A basic definition, of a contract is an agreement enforceable at Law. Institutional writers, whose works, strongly influenced, Scots Law, wrote of Contract as a ‘form of obligation’. Erskine defined a contract as a ‘legal tie, by which one is bound to pay or perform, something to another’. However, it should be noted, under some circumstances, certain ‘legal ties’ or obligations, may have legal consequences, but are not legally enforceable. A contract has been defined in the ‘Digest of English Civil Law’ as ‘an agreement, which creates, or is intended to create, a legal obligation, between the parties to it’.
The contract is based upon its ingredients, such as the ‘Offer’, the ‘Acceptance of the Offer’ and the ‘Intention’ of both parties (the Offeror and the Offeree or Acceptor) to be bound by the terms of the contract. Consensus in idem, literally means, ‘a meeting of the minds’, or an agreement, as to the same thing. In other words it is the common consent, necessary for a binding contract. This idea evolved, from the 19th century regard for the free market, and ‘Laissez Faire’. It is a minimalist approach, to contractual relations, between people, which are enforceable by the Law.
Parties must be in mutual agreement, to the terms, which bind them, in order for, consensus in idem, to exist. This is displayed by the words of Bell, ‘ To a perfect obligation, (besides the proof requisite), it is necessary that there shall be a deliberate and voluntary consent to engage’. Consent to contract, however can be viewed, in a ‘Subjective’ sense, considering elements, which invalidate such ‘agreement’, as well as incapacity to do so, based upon the nature of the party involved, or how, such consent, is obtained.
Such a perspective, can be demonstrated in Harvey V. Smith, (1904) 6F, 511, where ‘missives’ were held, not to be binding, on an illiterate man. The contract, formed, in this case, seems to have found its existence, owing to, the incapacity, of one of the parties (the defendant), based on his illiteracy and a lack of understanding of the terms, the contract involved. However, the decision, made by the judge presiding, was on, grounds of distinguishing between ‘the plain meanings of words’ and ‘highly technical rules’.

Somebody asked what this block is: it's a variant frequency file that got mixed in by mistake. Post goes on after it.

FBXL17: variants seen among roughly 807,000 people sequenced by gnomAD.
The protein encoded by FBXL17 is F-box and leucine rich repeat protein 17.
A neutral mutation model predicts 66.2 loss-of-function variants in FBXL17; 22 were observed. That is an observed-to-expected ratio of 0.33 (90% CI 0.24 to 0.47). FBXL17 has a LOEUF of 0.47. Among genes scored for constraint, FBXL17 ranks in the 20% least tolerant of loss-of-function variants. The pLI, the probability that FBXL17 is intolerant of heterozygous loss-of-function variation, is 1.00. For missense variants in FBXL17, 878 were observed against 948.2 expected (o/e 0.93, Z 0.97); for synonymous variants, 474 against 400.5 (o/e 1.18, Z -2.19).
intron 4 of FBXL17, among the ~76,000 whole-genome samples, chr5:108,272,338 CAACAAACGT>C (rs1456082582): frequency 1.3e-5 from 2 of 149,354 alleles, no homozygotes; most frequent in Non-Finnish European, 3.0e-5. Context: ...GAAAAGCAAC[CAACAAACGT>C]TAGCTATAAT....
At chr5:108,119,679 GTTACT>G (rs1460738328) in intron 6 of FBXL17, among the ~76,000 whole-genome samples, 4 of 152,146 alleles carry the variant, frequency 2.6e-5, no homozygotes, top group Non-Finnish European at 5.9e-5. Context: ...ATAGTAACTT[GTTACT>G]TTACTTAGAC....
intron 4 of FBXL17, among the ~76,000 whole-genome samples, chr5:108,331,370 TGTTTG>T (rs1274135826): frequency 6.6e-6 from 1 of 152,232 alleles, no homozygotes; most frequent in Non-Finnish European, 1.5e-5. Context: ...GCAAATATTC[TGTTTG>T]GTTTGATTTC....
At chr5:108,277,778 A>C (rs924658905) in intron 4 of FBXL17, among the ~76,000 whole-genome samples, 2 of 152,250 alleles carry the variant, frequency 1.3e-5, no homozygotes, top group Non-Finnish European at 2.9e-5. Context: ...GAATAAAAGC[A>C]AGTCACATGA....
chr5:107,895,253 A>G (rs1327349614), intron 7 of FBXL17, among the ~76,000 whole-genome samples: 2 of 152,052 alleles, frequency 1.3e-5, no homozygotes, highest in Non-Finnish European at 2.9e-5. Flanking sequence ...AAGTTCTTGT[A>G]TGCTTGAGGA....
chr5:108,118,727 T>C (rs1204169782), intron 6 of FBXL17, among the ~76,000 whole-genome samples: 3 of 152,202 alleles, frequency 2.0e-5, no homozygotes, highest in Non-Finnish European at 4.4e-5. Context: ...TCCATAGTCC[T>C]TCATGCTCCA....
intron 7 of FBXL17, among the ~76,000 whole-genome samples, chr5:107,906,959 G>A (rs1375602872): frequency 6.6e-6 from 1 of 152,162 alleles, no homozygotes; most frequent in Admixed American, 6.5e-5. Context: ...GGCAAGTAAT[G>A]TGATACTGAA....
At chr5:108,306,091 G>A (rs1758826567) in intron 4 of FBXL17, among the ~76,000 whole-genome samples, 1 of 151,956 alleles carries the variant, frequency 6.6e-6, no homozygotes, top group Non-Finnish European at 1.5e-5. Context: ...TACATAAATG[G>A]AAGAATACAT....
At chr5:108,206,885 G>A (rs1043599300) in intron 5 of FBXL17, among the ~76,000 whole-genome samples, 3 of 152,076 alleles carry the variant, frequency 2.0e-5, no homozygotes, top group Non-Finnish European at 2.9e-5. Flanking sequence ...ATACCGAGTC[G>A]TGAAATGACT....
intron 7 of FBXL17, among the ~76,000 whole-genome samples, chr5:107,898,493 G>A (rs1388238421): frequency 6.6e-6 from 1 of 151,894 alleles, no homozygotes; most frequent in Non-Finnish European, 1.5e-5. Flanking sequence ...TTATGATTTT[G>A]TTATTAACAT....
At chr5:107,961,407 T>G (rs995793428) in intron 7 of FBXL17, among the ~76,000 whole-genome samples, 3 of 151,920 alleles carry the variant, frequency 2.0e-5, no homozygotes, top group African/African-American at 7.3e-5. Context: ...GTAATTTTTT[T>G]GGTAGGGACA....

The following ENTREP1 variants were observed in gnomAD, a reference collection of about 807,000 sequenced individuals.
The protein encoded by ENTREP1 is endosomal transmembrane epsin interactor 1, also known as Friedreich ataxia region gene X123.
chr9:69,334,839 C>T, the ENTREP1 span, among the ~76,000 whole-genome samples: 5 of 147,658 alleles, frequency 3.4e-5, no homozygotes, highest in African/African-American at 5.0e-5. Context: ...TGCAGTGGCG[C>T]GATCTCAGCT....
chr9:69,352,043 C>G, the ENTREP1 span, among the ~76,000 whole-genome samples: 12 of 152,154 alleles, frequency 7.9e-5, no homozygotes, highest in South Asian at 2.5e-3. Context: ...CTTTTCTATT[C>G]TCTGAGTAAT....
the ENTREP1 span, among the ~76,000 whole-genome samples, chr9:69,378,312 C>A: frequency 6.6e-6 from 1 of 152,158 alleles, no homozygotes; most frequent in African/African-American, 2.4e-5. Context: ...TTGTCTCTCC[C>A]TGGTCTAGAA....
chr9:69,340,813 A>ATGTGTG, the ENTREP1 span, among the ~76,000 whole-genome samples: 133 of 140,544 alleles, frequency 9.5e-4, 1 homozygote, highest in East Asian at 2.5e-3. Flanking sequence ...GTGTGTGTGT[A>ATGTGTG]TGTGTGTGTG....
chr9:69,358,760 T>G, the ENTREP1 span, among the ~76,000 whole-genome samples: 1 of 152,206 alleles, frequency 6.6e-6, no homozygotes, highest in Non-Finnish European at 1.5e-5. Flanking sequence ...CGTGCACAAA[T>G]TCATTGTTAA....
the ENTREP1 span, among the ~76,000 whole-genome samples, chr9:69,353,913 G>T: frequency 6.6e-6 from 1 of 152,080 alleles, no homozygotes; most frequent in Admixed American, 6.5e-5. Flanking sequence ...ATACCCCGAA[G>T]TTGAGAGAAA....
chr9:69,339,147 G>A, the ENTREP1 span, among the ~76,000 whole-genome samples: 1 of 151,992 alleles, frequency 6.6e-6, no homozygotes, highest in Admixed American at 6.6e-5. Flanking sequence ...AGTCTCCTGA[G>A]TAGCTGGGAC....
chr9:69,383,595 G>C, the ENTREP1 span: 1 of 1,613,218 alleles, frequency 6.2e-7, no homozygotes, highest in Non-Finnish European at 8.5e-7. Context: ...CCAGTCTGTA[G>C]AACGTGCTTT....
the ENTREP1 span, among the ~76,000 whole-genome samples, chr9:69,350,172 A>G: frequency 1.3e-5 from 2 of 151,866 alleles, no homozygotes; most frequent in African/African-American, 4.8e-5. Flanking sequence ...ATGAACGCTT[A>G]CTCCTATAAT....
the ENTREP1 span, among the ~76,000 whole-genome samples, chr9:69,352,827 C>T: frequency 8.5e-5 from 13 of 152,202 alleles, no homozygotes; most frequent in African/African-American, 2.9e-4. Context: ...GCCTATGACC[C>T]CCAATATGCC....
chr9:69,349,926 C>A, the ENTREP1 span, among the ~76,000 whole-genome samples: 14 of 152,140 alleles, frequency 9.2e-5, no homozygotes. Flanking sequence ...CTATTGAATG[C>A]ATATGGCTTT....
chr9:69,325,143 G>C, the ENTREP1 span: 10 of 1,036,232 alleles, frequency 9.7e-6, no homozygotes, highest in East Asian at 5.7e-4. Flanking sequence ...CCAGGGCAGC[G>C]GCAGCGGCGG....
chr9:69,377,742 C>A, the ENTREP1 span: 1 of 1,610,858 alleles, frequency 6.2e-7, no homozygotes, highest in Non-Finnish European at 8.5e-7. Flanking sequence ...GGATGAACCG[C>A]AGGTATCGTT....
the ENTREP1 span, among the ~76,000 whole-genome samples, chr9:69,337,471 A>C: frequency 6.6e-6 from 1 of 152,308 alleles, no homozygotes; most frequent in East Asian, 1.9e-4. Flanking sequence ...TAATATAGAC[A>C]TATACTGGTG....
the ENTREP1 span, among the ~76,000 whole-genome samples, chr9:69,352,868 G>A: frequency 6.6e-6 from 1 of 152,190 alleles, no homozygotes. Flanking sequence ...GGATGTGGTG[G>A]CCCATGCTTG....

When Does A Contract Exist
It seems that this decision, was made, because the judge, sought to avoid, an objective approach, as to the nature of consent, owing to sympathy with the defendant’s weaker position, and insufficient means, to establish, ‘Facility and Circumvention’ or ‘Undue Influence’. An ‘Objective’ standpoint can be found, in the words of Lord Russell of Killowen, from the English case of, Esso Petroleum Ltd V. Commissioners of Custom & Excise,  All E. R. here he said that, ‘it is trite law, that if on analysis, a transaction has in Law, one character, the fact that the parties either accidentally or deliberately, frame the transaction, in language appropriate, to a transaction of a different character, will not deny it, to its true character’. The idea behind this, objective approach is that a contract’s legal effects should not be based upon the ‘intentions’ of the parties involved in it. In the appeal case of, Muirhead & Turnbull V. Dickson, (1905) 7F. 686, the parties involved were in dispute about whether, the contract between them, was one of Hire Purchase or Sale.